As well as cutting staff, the council have over the years been reducing expenditure on the park.  But every cloud has a silver lining.  When, in 2013, funds for bedding plants dried up, some of the beds where they would have gone were grassed over and Bob found he had more time to devote to one of the glories of Broomfield Park - the very long herbaceous border that runs alongside one of the park's historic walls.

In recognition of Bob's contribution to Broomfield Park the Friends last week hosted a reception in Broomfield Conservatory, where they presented him with a very special leaving present - a set of handcrafted miniature gardening tools, commissioned by the friends and made by craftsman extraordinaire Ralph Hutchings.

bob mitchells retirement present close upThe contents of the box - a miniature gardening set made by Ralph Hutchings. The base and sides of the wheelbarrow are made from an elm from Broomfield Park. The chassis and handles are made from boxwood grown on the Sandringham estate. The raised bed and watering can use limewood grown in Broomfield Avenue. The tool shafts are made of tulipwood (magnolia) from Broomfield Avenue. The nickel sheet comes from a recycled Rolls Royce radiator

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Palmers Green station to lose its car park exit?

Published on . Posted in Public Transport

The installation of ticket gates at Palmers Green station almost certainly means that the exit from platform 2 to the car park will eventually be closed, which will cause significant inconvenience for some station users.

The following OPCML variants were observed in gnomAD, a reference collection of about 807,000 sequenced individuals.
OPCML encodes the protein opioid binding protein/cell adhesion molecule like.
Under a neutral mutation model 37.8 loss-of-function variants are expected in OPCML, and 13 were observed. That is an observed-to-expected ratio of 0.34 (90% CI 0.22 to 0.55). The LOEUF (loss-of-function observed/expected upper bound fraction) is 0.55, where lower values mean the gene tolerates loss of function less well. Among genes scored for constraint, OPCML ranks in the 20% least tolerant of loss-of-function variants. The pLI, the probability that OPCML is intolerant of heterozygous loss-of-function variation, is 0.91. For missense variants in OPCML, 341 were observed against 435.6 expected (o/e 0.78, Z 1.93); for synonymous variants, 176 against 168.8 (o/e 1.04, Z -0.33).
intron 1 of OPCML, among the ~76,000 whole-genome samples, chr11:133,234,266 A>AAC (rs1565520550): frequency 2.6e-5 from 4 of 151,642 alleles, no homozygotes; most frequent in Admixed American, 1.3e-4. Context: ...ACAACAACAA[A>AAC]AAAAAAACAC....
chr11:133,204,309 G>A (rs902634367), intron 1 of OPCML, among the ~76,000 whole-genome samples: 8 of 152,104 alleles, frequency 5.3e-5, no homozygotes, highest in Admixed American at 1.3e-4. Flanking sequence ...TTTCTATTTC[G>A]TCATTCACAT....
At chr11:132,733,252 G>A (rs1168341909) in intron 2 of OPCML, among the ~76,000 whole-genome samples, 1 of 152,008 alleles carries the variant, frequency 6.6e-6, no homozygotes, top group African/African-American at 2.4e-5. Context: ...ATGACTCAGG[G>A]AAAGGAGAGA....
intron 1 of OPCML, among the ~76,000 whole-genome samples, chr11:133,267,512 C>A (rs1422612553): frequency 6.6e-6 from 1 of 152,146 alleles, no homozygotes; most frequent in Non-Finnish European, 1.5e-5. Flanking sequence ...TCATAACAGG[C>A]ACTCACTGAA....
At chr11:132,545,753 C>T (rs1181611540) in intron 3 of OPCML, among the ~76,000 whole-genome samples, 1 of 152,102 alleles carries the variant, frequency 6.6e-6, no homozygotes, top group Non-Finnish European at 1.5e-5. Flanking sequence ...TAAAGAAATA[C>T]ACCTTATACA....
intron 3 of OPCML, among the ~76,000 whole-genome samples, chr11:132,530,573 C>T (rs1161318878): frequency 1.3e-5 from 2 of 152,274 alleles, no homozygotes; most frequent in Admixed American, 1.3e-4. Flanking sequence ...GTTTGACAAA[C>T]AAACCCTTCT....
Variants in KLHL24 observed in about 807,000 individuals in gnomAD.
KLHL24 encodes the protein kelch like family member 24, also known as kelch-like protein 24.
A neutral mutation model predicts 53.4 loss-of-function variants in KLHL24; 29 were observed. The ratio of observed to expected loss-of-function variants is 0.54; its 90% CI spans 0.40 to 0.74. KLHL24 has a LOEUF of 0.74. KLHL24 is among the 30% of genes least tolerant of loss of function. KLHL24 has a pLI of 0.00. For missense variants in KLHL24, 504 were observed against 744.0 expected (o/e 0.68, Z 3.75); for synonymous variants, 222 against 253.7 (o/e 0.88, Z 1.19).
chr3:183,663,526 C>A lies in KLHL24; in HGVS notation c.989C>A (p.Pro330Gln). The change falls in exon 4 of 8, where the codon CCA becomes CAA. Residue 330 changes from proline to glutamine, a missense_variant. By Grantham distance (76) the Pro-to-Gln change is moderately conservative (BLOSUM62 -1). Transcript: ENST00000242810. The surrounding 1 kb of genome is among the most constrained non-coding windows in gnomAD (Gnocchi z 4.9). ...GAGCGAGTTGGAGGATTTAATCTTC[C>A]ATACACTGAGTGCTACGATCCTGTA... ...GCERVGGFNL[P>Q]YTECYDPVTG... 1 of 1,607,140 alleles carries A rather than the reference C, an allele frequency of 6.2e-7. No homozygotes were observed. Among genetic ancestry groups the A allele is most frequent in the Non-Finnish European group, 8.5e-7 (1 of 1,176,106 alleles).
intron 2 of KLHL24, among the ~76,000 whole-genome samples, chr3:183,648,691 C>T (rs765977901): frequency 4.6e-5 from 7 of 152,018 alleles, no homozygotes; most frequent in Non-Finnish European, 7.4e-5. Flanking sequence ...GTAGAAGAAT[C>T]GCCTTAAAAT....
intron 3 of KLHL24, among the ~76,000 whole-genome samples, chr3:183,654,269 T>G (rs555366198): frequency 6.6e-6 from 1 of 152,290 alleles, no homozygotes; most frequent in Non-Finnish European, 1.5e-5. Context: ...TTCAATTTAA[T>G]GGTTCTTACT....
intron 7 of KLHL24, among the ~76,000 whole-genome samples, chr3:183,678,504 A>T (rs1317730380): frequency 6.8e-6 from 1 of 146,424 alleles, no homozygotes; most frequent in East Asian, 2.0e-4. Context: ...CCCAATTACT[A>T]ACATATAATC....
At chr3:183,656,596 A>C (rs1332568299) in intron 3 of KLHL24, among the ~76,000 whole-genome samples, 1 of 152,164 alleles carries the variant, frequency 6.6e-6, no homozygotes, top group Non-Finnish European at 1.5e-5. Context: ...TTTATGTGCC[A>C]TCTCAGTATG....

great northern logoAn unfortunate "side effect" of the installation of automatic ticket gates at National Rail stations in London and elsewhere has been that secondary side or rear entrance/exits to stations have been closed.  This is not just to prevent people entering or leaving without a valid ticket or oyster card, but also because it is necessary to have a member of staff close at hand when automatic gates are in use.

In some cases the loss of secondary entrances and exits causes significant inconvenience to passengers.  For instance, at Ilford station in east London passengers who previously used the back entrance now have to walk up to a third of a mile further.

At Palmers Green the extra walking distance will be fairly negligible, but closure of the side gate will still create inconvenience.  People with walking difficulties or heavy luggage will be forced to walk up the stairs when arriving on a train from London - currently they only have to negotiate a couple of steps and a ramp up to Aldermans Hill.  When a crowded train arrives in the evening rush hour the stairs and concourse will become congested - creating  particular difficulty for anyone trying to get down to the platform when most people are leaving the station.

At the moment it is unclear whether automatic gates will be brought into use any time soon.  It may be that it depends on Govia Great Northern going ahead with their plan to close the ticket office and instead deploy a member of staff on the concourse at the top of the stairs.  The most recent news we have (dating from early April) is that London Travelwatch had asked (or perhaps told?) Govia to rethink its plans and run pilot schemes.

There will be an opportunity on 9th June to question Govia about its plans (and about its failure to run services as scheduled).  David Burrowes MP has arranged a public meeting with Govia representatives at the United Reformed Church in Winchmore Hill.

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Helping Lisa and the many like her

Published on . Posted in Charities and Volunteering

photoLisa Rutty is a Friend of Talkies and volunteer. You may have seen her on the Talkies stall at festivals and at events. It was Lisa who brought local actor Jeremy Swift to Talkies for 'Downhill' and 'Men in Shorts'.

Lisa is very gifted, kind, and fun to be with. She has helped out as a volunteer with many other local organisations.